You are here
Hyflux expecting net cash outflows; Sembcorp, Keppel, YTL said to eye Tuaspring
SEMBCORP Industries, Keppel Corp and Malaysian generator YTL Power International are reportedly among 22 potential white knights interested in Hyflux's Tuaspring desalination plant, which had a book value of S$1.47 billion as at the end of March (see amendment note).
Hyflux on Friday also said that it is expecting a net cash outflow in the short to medium term, and that the 22 potential rescue financiers had until Friday, Aug 3, to submit expressions of interest (EOI).
For the 13 weeks from July 30 to Oct 22, the water-and-power company and its subsidiaries are expecting total net cash outflow of S$22.25 million.
All in, Hyflux's net cash outflow for the six-month period to year's end is estimated to total S$43.2 million.
According to the group's profit forecasts, Hyflux Limited is expected to record a post-tax profit of S$6.22 million for the July to December 2018 period; Hyflux Engineering's profit is estimated at S$5.4 million.
But losses are expected from the rest of its key subsidiaries: Hydrochem (S) is expected to incur a six-month loss of S$39.07 million; Hyflux Membrane Manufacturing is expected to lose some S$13.34 million, and Hyflux Innovation Centre, S$248,000.
Hyflux has previously indicated that it is seeking about S$200 million in rescue financing.
As at July 31, 22 non-disclosure agreements (NDAs) had been signed with potential rescue financiers.
Hyflux and its advisers have held preliminary talks with 15 of these potential rescue financiers, and intend to do the same with the remaining seven.
After Aug 3, Hyflux will review financiers who have submitted their EOIs and shortlist suitable candidates with which to continue negotiations.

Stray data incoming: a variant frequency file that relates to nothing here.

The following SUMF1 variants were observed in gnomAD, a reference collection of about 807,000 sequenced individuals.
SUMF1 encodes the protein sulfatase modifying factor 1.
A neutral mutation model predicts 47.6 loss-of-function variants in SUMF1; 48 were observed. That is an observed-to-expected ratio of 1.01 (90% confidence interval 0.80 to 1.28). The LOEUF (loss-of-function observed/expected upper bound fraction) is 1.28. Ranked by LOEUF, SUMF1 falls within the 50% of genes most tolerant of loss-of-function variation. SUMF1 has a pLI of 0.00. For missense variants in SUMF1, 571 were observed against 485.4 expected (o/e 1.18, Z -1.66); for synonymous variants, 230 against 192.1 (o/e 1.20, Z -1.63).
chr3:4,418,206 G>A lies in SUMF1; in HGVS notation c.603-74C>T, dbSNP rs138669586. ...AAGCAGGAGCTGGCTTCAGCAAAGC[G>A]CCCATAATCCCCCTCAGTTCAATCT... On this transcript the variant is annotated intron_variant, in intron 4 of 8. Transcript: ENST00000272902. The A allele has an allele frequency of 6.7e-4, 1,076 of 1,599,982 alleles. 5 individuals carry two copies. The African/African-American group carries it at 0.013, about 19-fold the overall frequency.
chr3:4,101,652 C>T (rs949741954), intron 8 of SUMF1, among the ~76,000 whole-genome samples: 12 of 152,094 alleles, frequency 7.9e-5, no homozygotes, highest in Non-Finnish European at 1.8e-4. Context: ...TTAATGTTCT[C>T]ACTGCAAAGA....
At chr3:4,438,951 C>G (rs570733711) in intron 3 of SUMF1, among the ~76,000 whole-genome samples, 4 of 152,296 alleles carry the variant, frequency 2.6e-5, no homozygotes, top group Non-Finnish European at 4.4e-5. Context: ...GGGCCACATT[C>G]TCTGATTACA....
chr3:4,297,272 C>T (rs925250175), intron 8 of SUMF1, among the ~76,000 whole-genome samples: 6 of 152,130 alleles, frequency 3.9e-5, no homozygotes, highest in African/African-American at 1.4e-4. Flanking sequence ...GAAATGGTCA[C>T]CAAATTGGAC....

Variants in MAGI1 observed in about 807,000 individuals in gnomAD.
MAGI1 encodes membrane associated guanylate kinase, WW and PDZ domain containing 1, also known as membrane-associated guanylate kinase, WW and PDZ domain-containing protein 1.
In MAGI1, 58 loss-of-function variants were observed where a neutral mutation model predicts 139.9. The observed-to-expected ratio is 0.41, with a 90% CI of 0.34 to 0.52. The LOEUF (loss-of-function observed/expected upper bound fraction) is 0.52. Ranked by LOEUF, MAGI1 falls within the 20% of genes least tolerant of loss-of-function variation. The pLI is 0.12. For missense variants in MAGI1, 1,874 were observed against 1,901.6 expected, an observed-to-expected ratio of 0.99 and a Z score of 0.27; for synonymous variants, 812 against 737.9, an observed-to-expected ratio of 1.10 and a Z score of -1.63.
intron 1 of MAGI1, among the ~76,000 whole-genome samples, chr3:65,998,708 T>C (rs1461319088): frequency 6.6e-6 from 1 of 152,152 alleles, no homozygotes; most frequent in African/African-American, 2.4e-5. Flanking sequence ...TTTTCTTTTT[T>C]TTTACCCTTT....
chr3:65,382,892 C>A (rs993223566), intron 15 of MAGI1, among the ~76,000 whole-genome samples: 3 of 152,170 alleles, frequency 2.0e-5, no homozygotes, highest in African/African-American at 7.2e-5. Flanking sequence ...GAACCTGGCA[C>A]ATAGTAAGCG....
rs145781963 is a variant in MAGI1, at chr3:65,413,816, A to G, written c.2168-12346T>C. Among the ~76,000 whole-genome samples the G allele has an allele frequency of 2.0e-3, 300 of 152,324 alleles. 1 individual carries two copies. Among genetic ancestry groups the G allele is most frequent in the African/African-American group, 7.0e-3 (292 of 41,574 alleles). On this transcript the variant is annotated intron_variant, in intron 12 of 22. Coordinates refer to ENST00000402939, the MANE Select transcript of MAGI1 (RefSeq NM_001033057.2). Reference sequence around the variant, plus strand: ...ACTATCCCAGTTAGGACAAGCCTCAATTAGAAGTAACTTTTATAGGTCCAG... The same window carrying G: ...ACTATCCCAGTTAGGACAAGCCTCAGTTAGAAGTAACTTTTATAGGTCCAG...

Separately, Bloomberg on Friday reported that Sembcorp Industries, Keppel Corp, and YTL Power are interested in acquiring the Tuaspring project, which includes South-east Asia's largest desalination plant.
Asset sales are now key for the cash-strapped company, which had S$2.95 billion worth of liabilities as at March 31. Of that amount, S$900 million is debt owed to perp and preference shareholders.
Just last month, the firm said it was in touch with eight bidders, but had yet to receive any firm offers.
Chief executive Olivia Lum said then: "We all know that under these conditions, when the power market is weak, it is very difficult to get good value. But it also cannot be so unreasonably low that I can't even pay my stakeholders."
The company started a court-supervised reorganisation process in May, and has obtained a debt moratorium, which grants the firm a six-month reprieve from creditors.
Shares in Hyflux have been suspended, and last traded at 21 Singapore cents apiece on May 18.
Amendment note: Due to an editing error, an earlier version of this story said that Hyflux had a book value of S$1.47 billion. It is in fact Hyflux’s Tuaspring that had this book value, and the article above has been revised to reflect this.